Tag Archives: Mark Twain

The Two Mississippi Rivers by Joe Helgerson

Joe Helgerson is the author the very entertaining series of stories featuring Sheriff Huck Finn set in turn-of-the-century Marquis, Iowa—continued in our May issue with “The Case of Captain Nemo’s Half Brother.” He has also written two clever YA books, Horns & Wrinkles (2006) and Crows & Cards (2009), both published by Houghton Mifflin Books for Children. The latter was named a Smithsonian Notable Book. The Sheriff Huck stories, which he talks about here, go back to June 2002, but he published two stories with us in 1983, beginning with “Eighty-Seven Miles of Smoke and Mist” (April 1983).

I’ve always had a soft spot for crackpot theories, especially when they’re my own. One of my favorites contends that there’s not one but two Mississippi Rivers that drain North America. One’s measured in miles, the other in pages. One carries away our topsoil, the other our imagination. The first starts in Lake Itasca, the second in Samuel Clemens’s inkpot.  Having grown up in a small town on the Mississippi myself, it was probably inevitable that these two rivers would eventually mingle in my writing.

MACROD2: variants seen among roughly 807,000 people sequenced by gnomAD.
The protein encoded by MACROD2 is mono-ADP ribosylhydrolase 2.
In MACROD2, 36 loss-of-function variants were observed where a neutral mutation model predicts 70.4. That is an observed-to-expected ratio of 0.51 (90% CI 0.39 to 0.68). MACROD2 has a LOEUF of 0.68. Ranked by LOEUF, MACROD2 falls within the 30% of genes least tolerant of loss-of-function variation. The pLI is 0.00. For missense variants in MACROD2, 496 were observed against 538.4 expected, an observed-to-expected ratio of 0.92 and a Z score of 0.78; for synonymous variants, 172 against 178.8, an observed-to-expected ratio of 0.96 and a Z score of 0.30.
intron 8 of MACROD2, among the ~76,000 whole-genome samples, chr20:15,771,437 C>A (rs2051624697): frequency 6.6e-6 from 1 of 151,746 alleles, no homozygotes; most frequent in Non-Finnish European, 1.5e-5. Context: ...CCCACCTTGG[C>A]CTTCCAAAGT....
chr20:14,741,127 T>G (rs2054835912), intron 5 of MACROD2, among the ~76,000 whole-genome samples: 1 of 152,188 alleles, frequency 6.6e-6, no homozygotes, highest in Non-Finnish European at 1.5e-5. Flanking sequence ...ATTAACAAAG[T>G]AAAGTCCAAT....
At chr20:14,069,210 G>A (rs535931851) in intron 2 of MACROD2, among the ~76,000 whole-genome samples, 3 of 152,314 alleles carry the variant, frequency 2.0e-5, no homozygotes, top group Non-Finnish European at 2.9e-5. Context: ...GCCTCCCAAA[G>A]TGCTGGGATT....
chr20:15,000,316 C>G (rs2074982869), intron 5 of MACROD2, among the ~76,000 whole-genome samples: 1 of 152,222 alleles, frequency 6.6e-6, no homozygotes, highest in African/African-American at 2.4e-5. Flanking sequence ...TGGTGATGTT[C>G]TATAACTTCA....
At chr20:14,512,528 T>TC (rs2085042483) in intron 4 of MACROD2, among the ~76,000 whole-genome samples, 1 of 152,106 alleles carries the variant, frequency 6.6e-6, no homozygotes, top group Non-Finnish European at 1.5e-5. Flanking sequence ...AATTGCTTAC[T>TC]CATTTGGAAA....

I wish I could say that my love of Mark Twain’s work dates back to my childhood, but that would a lie, and we all know how fiction writers hate those. So I’ll give it to you straight: I’ve only a faint memory of my parents reading Tom Sawyer Continue reading

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